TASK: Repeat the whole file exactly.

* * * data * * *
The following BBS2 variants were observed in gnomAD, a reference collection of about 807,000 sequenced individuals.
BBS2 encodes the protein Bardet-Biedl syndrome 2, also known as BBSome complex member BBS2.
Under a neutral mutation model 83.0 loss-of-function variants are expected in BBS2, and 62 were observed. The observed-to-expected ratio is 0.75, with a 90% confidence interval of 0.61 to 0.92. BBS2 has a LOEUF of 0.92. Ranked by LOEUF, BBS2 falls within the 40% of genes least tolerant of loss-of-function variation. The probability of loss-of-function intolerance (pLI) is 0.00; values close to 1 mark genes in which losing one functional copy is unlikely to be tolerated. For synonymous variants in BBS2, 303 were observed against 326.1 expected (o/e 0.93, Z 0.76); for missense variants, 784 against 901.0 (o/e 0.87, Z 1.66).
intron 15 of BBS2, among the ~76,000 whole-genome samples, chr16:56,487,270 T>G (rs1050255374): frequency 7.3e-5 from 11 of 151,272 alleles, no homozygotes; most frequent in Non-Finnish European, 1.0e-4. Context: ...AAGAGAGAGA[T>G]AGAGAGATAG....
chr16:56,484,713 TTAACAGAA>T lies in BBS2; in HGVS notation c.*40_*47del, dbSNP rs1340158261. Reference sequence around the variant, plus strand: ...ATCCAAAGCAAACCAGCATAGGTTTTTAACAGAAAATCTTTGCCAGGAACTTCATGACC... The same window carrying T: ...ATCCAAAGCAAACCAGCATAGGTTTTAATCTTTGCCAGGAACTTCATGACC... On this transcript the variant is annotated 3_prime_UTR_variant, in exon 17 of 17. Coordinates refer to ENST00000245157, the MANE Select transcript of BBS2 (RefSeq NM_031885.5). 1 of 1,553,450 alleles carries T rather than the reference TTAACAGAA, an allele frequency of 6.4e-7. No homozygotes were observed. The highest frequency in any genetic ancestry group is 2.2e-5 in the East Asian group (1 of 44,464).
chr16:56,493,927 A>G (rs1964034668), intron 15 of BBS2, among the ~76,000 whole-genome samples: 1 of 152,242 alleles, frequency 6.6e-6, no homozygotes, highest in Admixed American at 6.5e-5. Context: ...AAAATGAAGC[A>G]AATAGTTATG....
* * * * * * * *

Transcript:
The following BBS2 variants were observed in gnomAD, a reference collection of about 807,000 sequenced individuals.
BBS2 encodes the protein Bardet-Biedl syndrome 2, also known as BBSome complex member BBS2.
Under a neutral mutation model 83.0 loss-of-function variants are expected in BBS2, and 62 were observed. The observed-to-expected ratio is 0.75, with a 90% confidence interval of 0.61 to 0.92. BBS2 has a LOEUF of 0.92. Ranked by LOEUF, BBS2 falls within the 40% of genes least tolerant of loss-of-function variation. The probability of loss-of-function intolerance (pLI) is 0.00; values close to 1 mark genes in which losing one functional copy is unlikely to be tolerated. For synonymous variants in BBS2, 303 were observed against 326.1 expected (o/e 0.93, Z 0.76); for missense variants, 784 against 901.0 (o/e 0.87, Z 1.66).
intron 15 of BBS2, among the ~76,000 whole-genome samples, chr16:56,487,270 T>G (rs1050255374): frequency 7.3e-5 from 11 of 151,272 alleles, no homozygotes; most frequent in Non-Finnish European, 1.0e-4. Context: ...AAGAGAGAGA[T>G]AGAGAGATAG....
chr16:56,484,713 TTAACAGAA>T lies in BBS2; in HGVS notation c.*40_*47del, dbSNP rs1340158261. Reference sequence around the variant, plus strand: ...ATCCAAAGCAAACCAGCATAGGTTTTTAACAGAAAATCTTTGCCAGGAACTTCATGACC... The same window carrying T: ...ATCCAAAGCAAACCAGCATAGGTTTTAATCTTTGCCAGGAACTTCATGACC... On this transcript the variant is annotated 3_prime_UTR_variant, in exon 17 of 17. Coordinates refer to ENST00000245157, the MANE Select transcript of BBS2 (RefSeq NM_031885.5). 1 of 1,553,450 alleles carries T rather than the reference TTAACAGAA, an allele frequency of 6.4e-7. No homozygotes were observed. The highest frequency in any genetic ancestry group is 2.2e-5 in the East Asian group (1 of 44,464).
chr16:56,493,927 A>G (rs1964034668), intron 15 of BBS2, among the ~76,000 whole-genome samples: 1 of 152,242 alleles, frequency 6.6e-6, no homozygotes, highest in Admixed American at 6.5e-5. Context: ...AAAATGAAGC[A>G]AATAGTTATG....